Divorce by Mutual Consent
Authored by - Divyanshi Pathak
Keywords - Divorce, Mutual Consent, Breakdown of Marriage, Legal Provisions
Divorce by mutual consent is formal and legal separation of a couple who willfully do not wish to live together. In this situation the divorce is peaceful and not forced upon any one. This article consists of all the different laws that have been passed regarding divorce by mutual consent and case laws which led to different changes in the legal provisions. In India, there were no laws regarding this in the earlier times but after seeing the changes in the society the laws were added accordingly.
India is a diverse country with different people following different religions, there are separate laws that govern personal laws of different religion. Personal laws are basically a set of rules that are a compilation of customs since a very long time that govern practices like marriage, divorce, adoption etc. Divorce is a formal separation of a legally married couple which ultimately results in the termination of marriage. There are different types of divorces and different essentials that need to be followed to file the same.
Divorce by Mutual Consent:
Divorce by Mutual consent is a situation where both the husband and wife with their own will want to get separated. In this case both the parties consent to the divorce and there is a peaceful and wilful separation. Divorce is governed by the personal laws of different religion as for Hindus, there is Hindu personal law, for Muslim there is Muslim personal laws and so on.
There are different essentials that have to be taken into consideration when there is a divorce by mutual consent. By the Section 13 B of Hindu marriage Act, divorce by mutual consent was introduced. There is a clause in the Section which says that there should be an 18 months’ time period which has to be passed before the divorce to be declared legal by the judge. In this situation any couple who has been living separately for a period of 1 year also known as judicial separation can file the application for a ‘divorce by mutual consent’, after which the court provides a period of 6 months which is basically a waiting period after which the divorce can be passed.
In the case of Amardeep Singh vs. Harveen Kaur, the Supreme Court held that the six-month waiting period can be relaxed in certain exceptional situations. If the court finds the marriage to be unworkable or if the waiting period prolongs the agony, it can be waived off by the court. There has to be a prerequisite that has to be followed in this situation, it has to be seen that the couple applying for the divorce has been married for a period of minimum one year.
In case of Muslim community, the divorce is governed by the dissolution of Muslim marriage Act 1939. In Muslim community, there are two types of divorces. One being the ‘khula’ and other being the ‘Mubarat’. Mubarat is similar to a mutual consent divorce as in this condition, both the husband and wife are not ready to live together anymore. Any one of them can file the application while the other person has to accept it. While we see the divorce has happened by mutual consent the Iddat period is mandatory. Iddat period is a waiting period that a woman has to observe after the death or divorce, during this time she cannot marry another man. It is basically observed to remove any doubts regarding the paternity of the child born after the death or divorce. In the case of Md. Abdul Zalil Ahmed vs. Mustt. Marina begum, it was observed by the family court that there is no provision of Divorce by Mutual consent in Muslim law.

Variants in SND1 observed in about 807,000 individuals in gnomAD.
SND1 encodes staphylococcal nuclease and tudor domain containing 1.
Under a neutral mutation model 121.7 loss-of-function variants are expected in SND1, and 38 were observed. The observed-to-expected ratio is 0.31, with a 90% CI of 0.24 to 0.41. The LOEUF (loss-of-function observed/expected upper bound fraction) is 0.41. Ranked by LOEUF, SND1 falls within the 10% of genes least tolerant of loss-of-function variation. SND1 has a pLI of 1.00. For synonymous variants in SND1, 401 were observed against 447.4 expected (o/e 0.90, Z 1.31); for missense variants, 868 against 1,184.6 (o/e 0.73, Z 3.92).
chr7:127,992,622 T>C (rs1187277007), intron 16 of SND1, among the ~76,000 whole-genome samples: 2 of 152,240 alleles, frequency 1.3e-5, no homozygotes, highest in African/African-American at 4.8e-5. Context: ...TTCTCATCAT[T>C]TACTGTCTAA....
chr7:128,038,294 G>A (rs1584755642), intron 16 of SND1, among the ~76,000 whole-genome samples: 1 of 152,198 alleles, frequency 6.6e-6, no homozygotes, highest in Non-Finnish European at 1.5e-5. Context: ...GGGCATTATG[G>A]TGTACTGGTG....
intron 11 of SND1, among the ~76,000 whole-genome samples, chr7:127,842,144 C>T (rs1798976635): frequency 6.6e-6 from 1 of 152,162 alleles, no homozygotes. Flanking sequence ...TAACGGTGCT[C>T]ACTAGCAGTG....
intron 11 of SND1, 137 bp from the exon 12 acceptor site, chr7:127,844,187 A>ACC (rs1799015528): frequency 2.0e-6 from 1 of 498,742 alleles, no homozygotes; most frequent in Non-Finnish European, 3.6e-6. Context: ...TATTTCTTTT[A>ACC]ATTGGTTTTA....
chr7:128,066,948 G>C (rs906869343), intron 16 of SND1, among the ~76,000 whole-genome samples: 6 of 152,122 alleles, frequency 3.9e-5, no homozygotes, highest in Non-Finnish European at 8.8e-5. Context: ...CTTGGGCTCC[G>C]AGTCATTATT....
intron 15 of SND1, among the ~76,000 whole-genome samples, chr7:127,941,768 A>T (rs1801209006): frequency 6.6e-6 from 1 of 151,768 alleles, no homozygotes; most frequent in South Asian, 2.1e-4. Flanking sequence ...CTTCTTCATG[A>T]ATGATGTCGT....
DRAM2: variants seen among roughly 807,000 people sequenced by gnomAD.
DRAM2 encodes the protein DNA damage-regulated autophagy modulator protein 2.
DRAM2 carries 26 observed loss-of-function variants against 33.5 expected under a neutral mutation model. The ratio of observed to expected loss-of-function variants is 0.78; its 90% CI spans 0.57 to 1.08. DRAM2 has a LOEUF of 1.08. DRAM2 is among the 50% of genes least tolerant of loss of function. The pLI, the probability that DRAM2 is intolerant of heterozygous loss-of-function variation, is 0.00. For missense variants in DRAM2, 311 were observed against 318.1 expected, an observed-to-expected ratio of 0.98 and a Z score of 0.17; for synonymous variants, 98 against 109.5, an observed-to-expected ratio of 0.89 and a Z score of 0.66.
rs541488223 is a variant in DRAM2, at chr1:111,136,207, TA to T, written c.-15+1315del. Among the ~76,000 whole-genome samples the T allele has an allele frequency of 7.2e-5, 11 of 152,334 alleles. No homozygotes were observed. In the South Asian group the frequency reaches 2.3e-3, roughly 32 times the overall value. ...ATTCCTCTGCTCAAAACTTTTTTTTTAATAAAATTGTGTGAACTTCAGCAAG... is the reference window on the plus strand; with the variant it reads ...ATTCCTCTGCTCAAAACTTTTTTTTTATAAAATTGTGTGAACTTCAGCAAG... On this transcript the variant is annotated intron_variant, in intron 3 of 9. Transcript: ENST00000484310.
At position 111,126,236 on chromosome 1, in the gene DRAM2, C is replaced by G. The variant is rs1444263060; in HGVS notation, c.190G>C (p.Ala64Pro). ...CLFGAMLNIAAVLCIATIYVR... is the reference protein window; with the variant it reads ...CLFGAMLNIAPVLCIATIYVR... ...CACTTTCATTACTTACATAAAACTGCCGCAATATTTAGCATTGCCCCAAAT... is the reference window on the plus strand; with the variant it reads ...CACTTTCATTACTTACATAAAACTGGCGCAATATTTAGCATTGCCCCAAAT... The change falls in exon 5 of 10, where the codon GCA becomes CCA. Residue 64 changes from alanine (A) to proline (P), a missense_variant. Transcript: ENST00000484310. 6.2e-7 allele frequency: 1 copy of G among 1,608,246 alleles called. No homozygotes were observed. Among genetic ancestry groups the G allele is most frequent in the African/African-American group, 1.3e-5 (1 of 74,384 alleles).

Goa is the only region in India which follows Uniform Civil code, otherwise people living in different states follow their personal laws and customs. There are other legal provisions as well which govern the acts of marriages and divorce. Also, we have seen time and again judiciary keeps on interfering in the personal laws of different religions if they clash with the rights given by the Constitution.
The Indian Divorce Act was enacted in the year 1869 and it regulates divorce laws for the Christian community residing in India. This is only codified law regulating divorce amongst the Christians. The Act was based upon English laws governing the divorce and was even gender discriminatory in various parts. The courts felt a need to amend the Act so after all the amendments and adding more provisions, The Indian Divorce Act 2001 was passed.
In divorce by mutual consent, Section 10A of the Act comes into play. The Section states if the couple isn’t living together for more than two years and cannot live together anymore can present the divorce application in the court, however, there has to be a waiting period of six months which has to passed so that divorce can be granted.
As we have seen there are different religions in India following different laws for divorce and any other personal engagements. It is appreciable that with time, every religion and even the judiciary undergo amendments and understand the need of including divorce by mutual consent. It is better to not prolong the agony of a couple, who by their own will want to get separated and peacefully consent to do so.
 MANU/SC/1134/2017 Amardeep Singh vs. Harveen Kaur (12.09.2017 - SC) : MANU/SC/1134/2017  MANU/WB/0021/1989 Md. Abdul Zalil Ahmed vs. Marina Begum (16.07.1998 - GUHC) : MANU/GH/0011/1999